Tagged: Materia Medica
04/11/2023 at 21:35 #237400advtanmoyKeymaster
Materia Medica by Cyrus Maxwell Boger (1861 – 1935)
The Book Materia Medica by Cyrus Maxwell Boger was written in 1915.
Correct prescribing is the art of carefully fitting pathogenetic to clinical symptoms, and as such at present requires a special aptness in grasping the essential points of symptom images, great drudgery a mastering a working knowledge of our large Materia Medica or a most skilful use of many books of reference.
The spirit of the clinical symptom picture is best obtained by asking the patient to tell his own story, whenever this is possible. This account is then amplified and more accurately defined by the questioner, who should first try to elicit the evident cause and course of the sickness, to which he will add all the things which now seem to interfere with the sufferer’s comfort. Especially should the natural modifiers of sickness -the modalities- be very definitely ascertained. The following are the most vitally important of such influences: Time, Temperature, Open Air, Posture, Being Alone, Motion, Sleep, Eating and Drinking, Touch, Pressure, Discharges, etc.
A consideration of the mental state comes next in order of importance. Here the presence of Irritability, Sadness or Fear is the ruling factor.
The third step concerns the estimate to be put upon the patient’s own description of his sensations. This is a very vital point and in order not to be misled it is always well to ascertain whether any of the following primary sensations are present: Burning, Cramping, Cutting Bursting, Soreness, Throbbing and Thirst. There may be many others, but the presence of any one of these often overshadows them, especially such as may be due to the play of the imagination ; which feature is in itself of more importance than the particular thing imagined.
Next in order comes the entire objective aspect or expression of the sickness: This should especially include the Facial Expression, Demeanor, Nervous Excitability, Sensibility, Restlessness or Torpor, State of the Secretions and any abnormal coloring that may be present.
Lastly the part affected must be determined ; this also, brings the investigation in touch with diagnosis.
By going over the above rubrics in the order named the contour of the disease picture will be pretty clearly outlined and will point fairly well toward the simillimum, and the prescriber has only to keep in mind the fact that the actual differentiating factor may belong to any rubric whatsoever and also that the scope of these rubrics reaches far beyond the appended synoptic text.
For ready reference the following diagram has been arranged:
MODALITIES: CAUSATION. TIME. TEMPERATURE. WEATHER. OPEN AIR. POSTURE. MOTION. EATING AND DRINKING. SLEEP. IF ALONE. PRESSURE. TOUCH. DISCHARGES.
MIND: IRRITABILITY. SADNESS. FEAR. PLACIDITY.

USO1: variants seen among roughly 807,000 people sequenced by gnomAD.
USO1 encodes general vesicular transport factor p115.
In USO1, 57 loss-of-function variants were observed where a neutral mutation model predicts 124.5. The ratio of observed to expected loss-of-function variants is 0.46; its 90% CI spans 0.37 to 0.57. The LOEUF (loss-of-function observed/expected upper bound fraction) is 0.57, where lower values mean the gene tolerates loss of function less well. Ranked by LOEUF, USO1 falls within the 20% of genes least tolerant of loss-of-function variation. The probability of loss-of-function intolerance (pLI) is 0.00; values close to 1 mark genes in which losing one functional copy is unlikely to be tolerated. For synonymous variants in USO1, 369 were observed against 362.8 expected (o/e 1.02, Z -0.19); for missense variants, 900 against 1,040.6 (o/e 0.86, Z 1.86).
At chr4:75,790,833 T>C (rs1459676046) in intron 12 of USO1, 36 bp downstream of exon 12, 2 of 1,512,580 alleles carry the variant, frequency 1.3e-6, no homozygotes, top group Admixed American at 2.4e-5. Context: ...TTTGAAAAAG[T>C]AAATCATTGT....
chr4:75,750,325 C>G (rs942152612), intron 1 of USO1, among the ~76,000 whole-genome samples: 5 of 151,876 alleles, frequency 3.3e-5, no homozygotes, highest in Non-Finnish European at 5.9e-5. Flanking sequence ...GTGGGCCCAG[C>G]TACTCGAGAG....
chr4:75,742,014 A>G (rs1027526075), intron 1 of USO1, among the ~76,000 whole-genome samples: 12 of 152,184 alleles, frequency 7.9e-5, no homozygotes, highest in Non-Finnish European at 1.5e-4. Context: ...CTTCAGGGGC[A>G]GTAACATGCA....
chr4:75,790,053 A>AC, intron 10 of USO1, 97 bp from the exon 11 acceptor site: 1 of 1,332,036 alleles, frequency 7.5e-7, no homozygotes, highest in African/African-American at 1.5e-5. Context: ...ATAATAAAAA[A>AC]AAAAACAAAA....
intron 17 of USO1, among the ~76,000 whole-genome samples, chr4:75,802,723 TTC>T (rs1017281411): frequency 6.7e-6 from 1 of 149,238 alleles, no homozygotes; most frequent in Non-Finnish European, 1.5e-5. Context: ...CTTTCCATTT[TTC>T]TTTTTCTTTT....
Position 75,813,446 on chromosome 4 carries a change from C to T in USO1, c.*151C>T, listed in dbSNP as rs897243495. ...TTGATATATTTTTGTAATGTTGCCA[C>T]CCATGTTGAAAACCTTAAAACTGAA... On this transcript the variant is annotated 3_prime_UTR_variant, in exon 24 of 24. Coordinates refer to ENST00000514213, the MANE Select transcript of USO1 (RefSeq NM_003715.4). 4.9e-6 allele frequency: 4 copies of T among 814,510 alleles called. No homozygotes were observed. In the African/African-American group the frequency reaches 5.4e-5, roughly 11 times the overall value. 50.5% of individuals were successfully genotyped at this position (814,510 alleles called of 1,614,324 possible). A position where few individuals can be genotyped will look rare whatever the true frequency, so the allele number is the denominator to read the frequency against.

SENSATIONS: BURNING. CRAMPING. CUTTING. BURSTING. SORENESS. THROBBING. THIRST.
OBJECTIVE ASPECT: DEMEANOR. RESTLESSNESS. NERVOUS EXCITABILITY. FACIAL EXPRESSION. TORPOR. SECRETIONS. COLOR. ODOR.
PART AFFECTED: Organs. Right. Left.
THE SYNOPSIS, is intended to make clear the general expression or genius of each remedy, and thereby help the prescriber correct his bearings. The scope of its contents is much enlarged by bracketing the most nearly affiliated remedies after some of the more important symptoms ; this also helps in making differentiations.
What often makes a cure hard is the laying of too much stress upon some particular factor at the expense of the disease picture as a whole, thus destroying its symmetry and forming a distorted conception of the natural image of the sickness. This does not, however, mean that all symptoms stand on the same level, for certain effects must be more prominent than others, yet be part and parcel of them. This is the sense in which we must learn to know our remedies, just as we do our friends, by their air or personality ; an ever changing, composite effect, but always reflecting the same motive.
Whenever the chosen remedy excites little or no reaction, the selection has either been faulty, or what is just as likely, one of the fundamental miasms which calls for either Psorinum, Sulfur, Medorrhinum or Syphilinum, is present.
Whenever the general benefit derived from a single dose lags, the remedy should be repeated in the next higher potency, instead of looking upon the new symptoms as indicators for some other drug ; for only the most inveterately rooted dyscrasia can, by varying its expression, resist the whole scale of an indicated remedy.
Sometimes we can advantageously change to another potency scale of the same remedy, before attempting to scrutinize the remaining picture for those new developments which must point toward our next choice, nor should this successor be chosen until the new symptom picture-disease phase-takes on a fairly definite or settled form.
Cyrus Maxwell BOGER, M. D.
Parkersburg, W. Va.
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